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Posts Tagged ‘calamansi’


Yes, there are more Filipino words added to the  Oxford  English Dictionary.

Trapo: The traditional connotation of trapo is that in Tagalog it is a rag, something we use to clean  surfaces or our hands with. Nowadays though, when you say trapo, it refers to those traditional politicians belonging to a corrupt ruling.

Bongga: Back  in the seventies, a local group popularized a song called Bongga Ka Day. In Tagalog parlance, bongga simply means extravagant, flamboyant, impressive, stylish, or  more generally means excellent.

Bagoong: A fish sauce which we use as condiment, something that flavors our local recipes especially mixed veggies.

Bihon: Thin rice noodles we usually use for our pancit, made of rice flour.

Calamansi or kalamansi:  It is our famous Philippine lime which we use for various recipes,  as dips and  also as marinades for meat and other viands. Calamansi is also used as juice, hot or cold.

Sorbetes:  The Tagalog term for ice cream.

Turon:  Ah, my favorite. Sliced bananas or other fruit rolled in a thin layer of pastry and deep-fried, served as a dessert or snack. We wrap turon in lumpia wrappers.

Carinderia: Carinderia is a small food stall which can be usually found in small areas like the sides of a market or along  roads.  They serve complete meal and snacks too.

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Sometimes I wish we also have these four lovely seasons that some of our friends experience in other parts of the globe.

I love looking at those  fallen leaves and trees that turn gold to orange  to brown and other colors in between.  They fascinate me no end.  I have a friend who takes photos of every season she encounters. She said there is magic everywhere and like me, she loves Fall. She loves it when those trees bear their foliage in glorious colors and  everything turns into  a paradise of sort.  She loves walking and feeling the crisp morning air  communing with mother Nature. I could only shake my head, smile and wish I were there too walking with her.

We used to have an avocado tree in our backyard a few years ago. It gave us  lots of fruits and I even tried selling a sack of them to our friendly neighbors. Every morning around this time, I would sweep the yard of fallen leaves from the tree.  Those days that I used to spend in our garden while sipping a hot cup of coffee and  listening to the morning’s news on the radio while our dogs  lie serenely nearby are  priceless moments that I treasure. Our avocado tree is gone now but I still have two jackfruit trees and two calamansi trees  that I have to take care of.  Same ritual every morning, sweeping the yard and watering our plants.  And the closest thing that reminds me of the Fall season are the yellow and brown leaves that fall to the ground. Oh well,  one could dream, right?

Early morning last Saturday before Nissa’s family came over for breakfast, I harvested calamansi  (Philippine lime) for them to take home later. They  are in season now and I picked more than a kilo.  More than having fresh calamansi juice every day, it is also used as ingredient for dipping sauces, marinating  fish, pork or meat.  It has lots of vitamin C. I need not tell you the health benefits of the fruit, it has lots.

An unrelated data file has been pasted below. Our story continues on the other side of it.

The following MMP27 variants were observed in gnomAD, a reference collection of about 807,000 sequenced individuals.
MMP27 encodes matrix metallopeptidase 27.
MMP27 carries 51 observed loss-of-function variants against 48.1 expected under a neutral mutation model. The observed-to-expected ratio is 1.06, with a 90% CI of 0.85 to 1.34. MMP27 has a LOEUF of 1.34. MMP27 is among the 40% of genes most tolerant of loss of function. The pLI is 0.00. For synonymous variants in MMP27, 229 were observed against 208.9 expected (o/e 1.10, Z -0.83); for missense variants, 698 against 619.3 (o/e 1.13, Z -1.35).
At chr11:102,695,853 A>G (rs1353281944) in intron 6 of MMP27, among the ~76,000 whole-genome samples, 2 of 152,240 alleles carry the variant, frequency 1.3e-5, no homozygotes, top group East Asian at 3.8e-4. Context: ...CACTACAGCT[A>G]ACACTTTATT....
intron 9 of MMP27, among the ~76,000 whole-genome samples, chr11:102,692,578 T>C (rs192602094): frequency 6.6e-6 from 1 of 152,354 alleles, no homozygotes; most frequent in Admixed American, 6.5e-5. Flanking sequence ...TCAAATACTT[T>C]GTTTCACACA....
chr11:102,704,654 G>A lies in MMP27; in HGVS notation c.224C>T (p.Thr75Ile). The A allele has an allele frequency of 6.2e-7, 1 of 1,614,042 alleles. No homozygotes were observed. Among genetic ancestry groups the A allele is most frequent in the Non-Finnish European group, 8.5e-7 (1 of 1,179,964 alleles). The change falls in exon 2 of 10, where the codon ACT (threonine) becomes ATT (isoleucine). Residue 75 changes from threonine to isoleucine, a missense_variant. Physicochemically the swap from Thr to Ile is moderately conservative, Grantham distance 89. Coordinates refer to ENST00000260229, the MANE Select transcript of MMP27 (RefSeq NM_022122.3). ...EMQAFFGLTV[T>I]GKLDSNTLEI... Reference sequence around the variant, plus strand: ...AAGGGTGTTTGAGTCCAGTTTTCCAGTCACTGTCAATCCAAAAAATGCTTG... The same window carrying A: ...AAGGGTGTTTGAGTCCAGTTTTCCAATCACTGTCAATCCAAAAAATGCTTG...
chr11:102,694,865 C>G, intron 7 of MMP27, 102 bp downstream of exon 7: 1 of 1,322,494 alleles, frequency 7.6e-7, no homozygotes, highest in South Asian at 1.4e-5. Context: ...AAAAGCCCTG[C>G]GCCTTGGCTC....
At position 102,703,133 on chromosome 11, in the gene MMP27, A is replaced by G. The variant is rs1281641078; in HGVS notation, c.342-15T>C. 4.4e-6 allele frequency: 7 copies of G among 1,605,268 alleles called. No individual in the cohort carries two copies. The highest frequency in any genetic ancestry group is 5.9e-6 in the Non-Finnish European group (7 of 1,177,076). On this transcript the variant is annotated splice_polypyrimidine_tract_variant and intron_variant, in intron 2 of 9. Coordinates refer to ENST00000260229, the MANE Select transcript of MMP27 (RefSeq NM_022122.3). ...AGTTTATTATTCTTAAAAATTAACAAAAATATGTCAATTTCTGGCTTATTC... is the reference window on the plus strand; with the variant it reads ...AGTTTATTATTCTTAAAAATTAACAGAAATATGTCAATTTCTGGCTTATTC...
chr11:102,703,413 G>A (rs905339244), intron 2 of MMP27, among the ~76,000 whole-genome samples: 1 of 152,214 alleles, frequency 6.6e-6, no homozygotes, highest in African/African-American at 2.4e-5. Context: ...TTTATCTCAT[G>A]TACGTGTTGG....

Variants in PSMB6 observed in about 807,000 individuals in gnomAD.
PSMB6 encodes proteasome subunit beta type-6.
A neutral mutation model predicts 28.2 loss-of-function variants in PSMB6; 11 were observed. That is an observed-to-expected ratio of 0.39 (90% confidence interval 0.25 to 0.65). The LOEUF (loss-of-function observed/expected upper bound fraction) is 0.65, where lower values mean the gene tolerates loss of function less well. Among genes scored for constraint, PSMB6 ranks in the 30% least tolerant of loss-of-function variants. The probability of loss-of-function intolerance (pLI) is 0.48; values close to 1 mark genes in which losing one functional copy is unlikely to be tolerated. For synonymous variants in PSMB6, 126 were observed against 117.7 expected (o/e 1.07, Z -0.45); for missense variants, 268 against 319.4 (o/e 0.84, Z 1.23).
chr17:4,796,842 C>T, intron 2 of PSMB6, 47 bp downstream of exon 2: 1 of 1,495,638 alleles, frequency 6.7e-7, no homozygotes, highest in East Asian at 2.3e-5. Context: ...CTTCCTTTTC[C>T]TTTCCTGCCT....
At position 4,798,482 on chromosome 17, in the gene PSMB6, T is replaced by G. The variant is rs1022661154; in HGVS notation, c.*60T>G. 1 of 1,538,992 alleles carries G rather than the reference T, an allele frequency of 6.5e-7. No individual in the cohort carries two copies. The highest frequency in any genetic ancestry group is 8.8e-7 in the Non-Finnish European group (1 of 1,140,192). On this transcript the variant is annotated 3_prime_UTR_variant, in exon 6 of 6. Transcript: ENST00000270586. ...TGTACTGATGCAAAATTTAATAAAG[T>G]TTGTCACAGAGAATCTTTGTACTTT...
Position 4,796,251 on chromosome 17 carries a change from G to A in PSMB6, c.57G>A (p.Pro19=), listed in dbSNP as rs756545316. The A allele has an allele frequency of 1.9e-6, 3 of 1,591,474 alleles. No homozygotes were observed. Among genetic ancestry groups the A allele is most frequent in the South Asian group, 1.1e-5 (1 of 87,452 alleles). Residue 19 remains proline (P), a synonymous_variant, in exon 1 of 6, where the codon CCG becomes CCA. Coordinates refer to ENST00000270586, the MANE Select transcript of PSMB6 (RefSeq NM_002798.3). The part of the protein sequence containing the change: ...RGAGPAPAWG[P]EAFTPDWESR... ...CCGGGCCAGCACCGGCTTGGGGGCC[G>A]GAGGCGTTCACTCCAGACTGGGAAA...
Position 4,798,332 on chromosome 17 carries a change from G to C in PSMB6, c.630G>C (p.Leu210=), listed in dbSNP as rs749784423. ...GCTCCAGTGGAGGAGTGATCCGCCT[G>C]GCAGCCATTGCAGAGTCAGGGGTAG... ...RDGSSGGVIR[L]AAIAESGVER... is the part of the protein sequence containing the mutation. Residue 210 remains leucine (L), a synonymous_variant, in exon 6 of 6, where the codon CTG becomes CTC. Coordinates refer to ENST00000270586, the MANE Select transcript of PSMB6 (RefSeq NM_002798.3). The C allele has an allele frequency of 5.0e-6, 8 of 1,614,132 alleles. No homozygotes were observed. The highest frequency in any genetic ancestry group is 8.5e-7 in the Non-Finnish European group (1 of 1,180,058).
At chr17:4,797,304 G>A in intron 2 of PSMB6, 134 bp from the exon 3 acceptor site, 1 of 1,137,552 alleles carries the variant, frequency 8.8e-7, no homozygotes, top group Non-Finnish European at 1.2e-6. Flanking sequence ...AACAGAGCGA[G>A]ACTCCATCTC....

I love these October  days,  I am really not counting but I am looking forward to Christmas once again.

Have a blessed week ahead.

 

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Yeay, I had a grand time picking these fresh calamansi (it’s Philippine lime for you guys) from our two fruit trees which I planted when we moved here eighteen years ago (that’s how long we’ve been staying here in this place). They never stop flowering and giving us these fruits all year round but this is the first time  (I guess) that I harvested this much. They weigh almost two kilos. Calamansi has many uses in the Philippine kitchen – it is a perfect morning drink, an immune system booster, a perfect marinade for meats or even fish and poultry.

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A perfect day to stay in the garden for a while. There is a typhoon coming but the sun is slowly showing its face, begging for those quiet moments that one dreams of. It’s  the morning ritual of greeting the day with so much hope and enthusiasm, taking a few shots of the garden. Everything is grace, even the simple task  of picking calamansi fruits  for a healthy juice later.

I have to use a ladder since the fruits on top are  in clusters  and can’t be reached.  I just love these moments – being with nature and enjoying  the morning . What a life 🙂

We  have two dwarf calamansi trees which  we planted at the same time that we constructed the house  seventeen years ago.  They bear fruits all year round  but summer is the best time to harvest  them. When the rainy season sets in, they stop flowering.  Calamansi or Philippine lime as they call it has many uses in cooking aside from that refreshing freshly squeezed glass of lemonade.  We use it for marinade, for sinigang or paksiw. We also use it as dip for fried or grilled meat and fish. And it is better if you harvest it while it is still green but already matured since you can get more juice than when it ripens.

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